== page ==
Ottawa issued export permits for made-in-Canada target-acquisition gear to be shipped to Turkey last year, despite an arms embargo, after assurances from Turkish officials that the equipment would only be used to protect civilians under attack in Syria, newly unveiled documents show.
These government records were released to the House foreign affairs committee, which is investigating how this targeting equipment ended up being used by combatants in the 2020 Azerbaijan-Armenia conflict over the region of Nagorno-Karabakh.
Drones played a major role in the fighting and the parliamentary committee has been probing the means by which restricted Canadian imaging technology made by L3Harris Wescam turned up in drones being operated by Azerbaijan. The gear from Wescam, based in Burlington, Ont., had been authorized for export to Turkey only.
The information made public Friday appears to confirm what the department of Global Affairs has been separately investigating for nearly six months – that Canadian military goods were illegally diverted from their intended customer and use.
As The Globe and Mail first reported, Canada issued export permits last May for the delivery of seven MX-15D air-strike targeting systems made by Wescam to Turkish drone-maker Baykar. That green light for shipments to Turkey came despite an arms embargo in place since late 2019 that prohibited the export of most categories of military gear to Turkish customers.
But federal government documents released to the foreign affairs committee show that Turkey had pressed Ottawa to allow the shipment on the grounds that it was necessary to safeguard civilians in Syria’s northwestern province of Idlib. Turkey borders this province and backs opposition forces in Syria’s nine-year-long civil war. Its armed forces operate in Idlib and are seeking to prevent more refugees from streaming into Turkish territory.
A May 6, 2020, memo by Marta Morgan, deputy minister of foreign affairs, recommends to then-foreign affairs minister François-Philippe Champagne that he permit the export of the Wescam gear to the Turks. In the memo, Ms. Morgan said this represents an “exceptional circumstances” case.
Turkey is an ally of Canada in the North Atlantic Treaty Organization military alliance, but in October, 2019, Ottawa halted the approval process for new export permits to ship military goods to Turkey, citing Ankara’s “military incursion into Syria.” It followed Turkey’s invasion of northeastern Syria in an assault on Kurdish forces.
And in April, 2020, the federal government released a public caution that prospective exporters should assume requests to ship Group 2 military goods would be rejected. Group 2 is a sprawling category that includes most goods that are considered weapons.
However, Global Affairs pressed Mr. Champagne to allow an exception on humanitarian grounds.
“Based on assurances provided to you by the Turkish foreign minister, [Canadian] officials have assessed that they are intended for use to help protect civilians in Idlib,” the foreign affairs deputy minister wrote.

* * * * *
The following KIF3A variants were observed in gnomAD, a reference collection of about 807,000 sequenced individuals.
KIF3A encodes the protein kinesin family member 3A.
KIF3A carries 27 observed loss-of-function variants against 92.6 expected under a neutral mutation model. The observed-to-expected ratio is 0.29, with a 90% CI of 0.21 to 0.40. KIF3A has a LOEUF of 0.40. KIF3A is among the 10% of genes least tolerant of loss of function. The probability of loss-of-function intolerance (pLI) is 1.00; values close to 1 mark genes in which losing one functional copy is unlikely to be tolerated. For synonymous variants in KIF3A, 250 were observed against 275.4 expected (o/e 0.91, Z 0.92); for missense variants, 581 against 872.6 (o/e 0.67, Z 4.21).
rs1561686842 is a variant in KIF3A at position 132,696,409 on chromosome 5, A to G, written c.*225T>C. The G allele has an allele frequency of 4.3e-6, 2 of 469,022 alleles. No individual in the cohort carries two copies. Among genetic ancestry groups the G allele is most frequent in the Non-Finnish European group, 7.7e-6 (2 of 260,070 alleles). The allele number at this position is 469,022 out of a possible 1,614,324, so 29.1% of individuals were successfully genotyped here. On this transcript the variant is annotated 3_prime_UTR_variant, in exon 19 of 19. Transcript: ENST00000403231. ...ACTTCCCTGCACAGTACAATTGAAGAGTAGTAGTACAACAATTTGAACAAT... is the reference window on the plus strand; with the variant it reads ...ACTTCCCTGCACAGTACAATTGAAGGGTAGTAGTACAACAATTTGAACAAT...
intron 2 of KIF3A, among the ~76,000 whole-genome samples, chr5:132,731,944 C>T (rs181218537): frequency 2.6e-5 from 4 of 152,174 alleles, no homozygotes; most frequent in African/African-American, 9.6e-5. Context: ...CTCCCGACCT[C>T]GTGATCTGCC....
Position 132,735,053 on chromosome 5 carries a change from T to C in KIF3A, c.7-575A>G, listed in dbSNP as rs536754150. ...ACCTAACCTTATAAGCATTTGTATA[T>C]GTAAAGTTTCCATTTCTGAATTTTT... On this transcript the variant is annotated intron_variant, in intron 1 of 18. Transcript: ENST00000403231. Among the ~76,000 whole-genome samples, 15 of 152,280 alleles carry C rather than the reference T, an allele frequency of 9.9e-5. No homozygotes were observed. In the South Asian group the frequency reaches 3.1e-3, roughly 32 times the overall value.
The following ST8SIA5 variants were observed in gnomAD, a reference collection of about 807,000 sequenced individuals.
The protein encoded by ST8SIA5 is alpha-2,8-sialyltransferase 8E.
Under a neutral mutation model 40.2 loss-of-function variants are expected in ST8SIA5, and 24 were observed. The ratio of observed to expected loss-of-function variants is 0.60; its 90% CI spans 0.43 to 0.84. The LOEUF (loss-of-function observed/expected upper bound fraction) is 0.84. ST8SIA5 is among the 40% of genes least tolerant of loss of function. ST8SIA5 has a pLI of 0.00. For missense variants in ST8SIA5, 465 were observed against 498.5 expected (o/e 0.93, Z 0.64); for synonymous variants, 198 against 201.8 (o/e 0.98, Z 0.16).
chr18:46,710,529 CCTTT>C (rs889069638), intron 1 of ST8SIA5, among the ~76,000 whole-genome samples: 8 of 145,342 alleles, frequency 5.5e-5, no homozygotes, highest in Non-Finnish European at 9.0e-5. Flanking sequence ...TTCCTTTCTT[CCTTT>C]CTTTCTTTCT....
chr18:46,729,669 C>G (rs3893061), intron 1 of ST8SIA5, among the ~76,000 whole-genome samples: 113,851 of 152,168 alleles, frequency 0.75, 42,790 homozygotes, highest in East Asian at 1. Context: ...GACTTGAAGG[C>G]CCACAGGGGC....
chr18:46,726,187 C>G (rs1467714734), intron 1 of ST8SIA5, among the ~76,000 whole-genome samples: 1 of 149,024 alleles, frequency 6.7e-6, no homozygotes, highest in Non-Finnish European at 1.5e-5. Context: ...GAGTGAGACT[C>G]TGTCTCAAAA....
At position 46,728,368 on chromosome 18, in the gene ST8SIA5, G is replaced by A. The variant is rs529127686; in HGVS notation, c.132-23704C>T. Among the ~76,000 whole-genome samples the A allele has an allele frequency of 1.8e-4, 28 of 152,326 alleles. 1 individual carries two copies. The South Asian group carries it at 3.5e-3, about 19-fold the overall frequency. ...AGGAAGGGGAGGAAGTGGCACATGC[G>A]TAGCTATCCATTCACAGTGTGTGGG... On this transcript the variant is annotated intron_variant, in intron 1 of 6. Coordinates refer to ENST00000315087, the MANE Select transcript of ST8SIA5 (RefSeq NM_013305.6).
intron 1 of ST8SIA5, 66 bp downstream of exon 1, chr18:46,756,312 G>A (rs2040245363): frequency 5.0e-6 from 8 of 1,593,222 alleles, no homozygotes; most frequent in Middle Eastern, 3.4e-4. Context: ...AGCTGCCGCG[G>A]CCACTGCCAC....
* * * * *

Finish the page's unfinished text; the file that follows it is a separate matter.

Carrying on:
She raised the spectre of a new offensive by Syrian President Bashar al-Assad against civilians in the northwest Syrian province.
“The potential for a renewed Assad regime offensive on the region carries the risk of dire humanitarian consequences,” Ms. Morgan wrote. “Turkey’s military presence in Idlib may help to deter or delay this eventuality and may mitigate the humanitarian costs if a new offensive is launched.”
Kelsey Gallagher, a researcher with arms-control group Project Ploughshares says it’s absurd that Canada first barred arms exports to Turkey back in 2019 over Ankara’s conduct in northern Syria, but then granted military exports again for Turkish operations in the same third country. “Why is that permissible? What is the logic here?” he asked.
Conservative foreign affairs critic Michael Chong said it appears that Turkey and Turkish business interests persuaded Mr. Champagne to make exceptions to the arms embargo.
“It’s clear that Turkey misled Canadian officials about the purpose for which this gear would be used,” he said. “But I would equally say that the Canadian government was naive and [made an] ill-informed decision about the situation in the region.”
He said the also-released risk assessments conducted for the export of target-acquisition gear suggest “no one is considering the conflict in the Caucasus.”
Mr. Chong notes that other documents show that even as the conflict was raging in Nagorno-Karabakh, Mr. Champagne was telephoning the Turkish government to seek Ankara’s support for former Liberal finance minister Bill Morneau’s candidacy for secretary-general of the Organization for Economic Co-operation and Development.
NDP foreign affairs critic Jack Harris said it appears to him that the Liberal government “decided the relationship with Turkey was more important than arms-control obligations.”
Asked for comment, the Turkish embassy in Ottawa defended its conduct.
“We will not rush to comment on the documents that were released … they will be analyzed in due course,” the Turkish diplomatic mission said in a statement.
The embassy said Canada should stop blocking exports to an ally. “We strongly believe that the restrictions on export permits of controlled goods and technology to NATO ally Turkey are unjustified and misguided. Turkey meticulously upholds human rights and NATO standards.”
Turkey also defended its actions in Syria.
“We also feel it necessary to underline once again that Turkey has been the protector of all Syrian civilians. Turkey has been hosting four million Syrian and other refugees for a decade, at a huge expense to its economy.”
Our Morning Update and Evening Update newsletters are written by Globe editors, giving you a concise summary of the day’s most important headlines. Sign up today.